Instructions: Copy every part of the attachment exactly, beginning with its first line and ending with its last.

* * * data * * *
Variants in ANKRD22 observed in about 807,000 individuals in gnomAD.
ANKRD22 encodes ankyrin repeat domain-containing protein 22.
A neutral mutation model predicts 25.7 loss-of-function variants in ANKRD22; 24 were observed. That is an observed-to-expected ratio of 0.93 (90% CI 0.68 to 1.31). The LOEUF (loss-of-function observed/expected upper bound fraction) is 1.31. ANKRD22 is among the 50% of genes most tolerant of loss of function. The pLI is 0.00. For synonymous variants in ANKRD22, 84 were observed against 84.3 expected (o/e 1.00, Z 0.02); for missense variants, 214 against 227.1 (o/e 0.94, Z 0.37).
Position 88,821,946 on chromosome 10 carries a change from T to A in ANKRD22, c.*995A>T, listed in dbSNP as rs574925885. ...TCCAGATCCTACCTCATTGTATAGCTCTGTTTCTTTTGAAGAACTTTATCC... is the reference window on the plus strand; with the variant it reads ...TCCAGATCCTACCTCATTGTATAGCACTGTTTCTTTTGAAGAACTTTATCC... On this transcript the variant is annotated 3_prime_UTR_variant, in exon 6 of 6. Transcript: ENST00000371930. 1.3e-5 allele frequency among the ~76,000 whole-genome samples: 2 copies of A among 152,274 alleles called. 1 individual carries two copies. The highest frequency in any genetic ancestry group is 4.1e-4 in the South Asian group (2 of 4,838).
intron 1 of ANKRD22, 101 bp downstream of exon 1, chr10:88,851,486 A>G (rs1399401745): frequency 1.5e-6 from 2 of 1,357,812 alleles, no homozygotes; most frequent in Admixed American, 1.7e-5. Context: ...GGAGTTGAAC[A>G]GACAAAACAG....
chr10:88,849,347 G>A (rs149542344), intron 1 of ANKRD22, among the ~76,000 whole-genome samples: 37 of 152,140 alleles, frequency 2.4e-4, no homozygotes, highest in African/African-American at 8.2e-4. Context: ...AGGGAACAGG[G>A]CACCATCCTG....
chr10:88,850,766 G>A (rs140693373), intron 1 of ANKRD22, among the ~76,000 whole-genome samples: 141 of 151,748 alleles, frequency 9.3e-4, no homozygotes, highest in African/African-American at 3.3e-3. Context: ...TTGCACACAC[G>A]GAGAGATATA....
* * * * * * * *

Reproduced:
Variants in ANKRD22 observed in about 807,000 individuals in gnomAD.
ANKRD22 encodes ankyrin repeat domain-containing protein 22.
A neutral mutation model predicts 25.7 loss-of-function variants in ANKRD22; 24 were observed. That is an observed-to-expected ratio of 0.93 (90% CI 0.68 to 1.31). The LOEUF (loss-of-function observed/expected upper bound fraction) is 1.31. ANKRD22 is among the 50% of genes most tolerant of loss of function. The pLI is 0.00. For synonymous variants in ANKRD22, 84 were observed against 84.3 expected (o/e 1.00, Z 0.02); for missense variants, 214 against 227.1 (o/e 0.94, Z 0.37).
Position 88,821,946 on chromosome 10 carries a change from T to A in ANKRD22, c.*995A>T, listed in dbSNP as rs574925885. ...TCCAGATCCTACCTCATTGTATAGCTCTGTTTCTTTTGAAGAACTTTATCC... is the reference window on the plus strand; with the variant it reads ...TCCAGATCCTACCTCATTGTATAGCACTGTTTCTTTTGAAGAACTTTATCC... On this transcript the variant is annotated 3_prime_UTR_variant, in exon 6 of 6. Transcript: ENST00000371930. 1.3e-5 allele frequency among the ~76,000 whole-genome samples: 2 copies of A among 152,274 alleles called. 1 individual carries two copies. The highest frequency in any genetic ancestry group is 4.1e-4 in the South Asian group (2 of 4,838).
intron 1 of ANKRD22, 101 bp downstream of exon 1, chr10:88,851,486 A>G (rs1399401745): frequency 1.5e-6 from 2 of 1,357,812 alleles, no homozygotes; most frequent in Admixed American, 1.7e-5. Context: ...GGAGTTGAAC[A>G]GACAAAACAG....
chr10:88,849,347 G>A (rs149542344), intron 1 of ANKRD22, among the ~76,000 whole-genome samples: 37 of 152,140 alleles, frequency 2.4e-4, no homozygotes, highest in African/African-American at 8.2e-4. Context: ...AGGGAACAGG[G>A]CACCATCCTG....
chr10:88,850,766 G>A (rs140693373), intron 1 of ANKRD22, among the ~76,000 whole-genome samples: 141 of 151,748 alleles, frequency 9.3e-4, no homozygotes, highest in African/African-American at 3.3e-3. Context: ...TTGCACACAC[G>A]GAGAGATATA....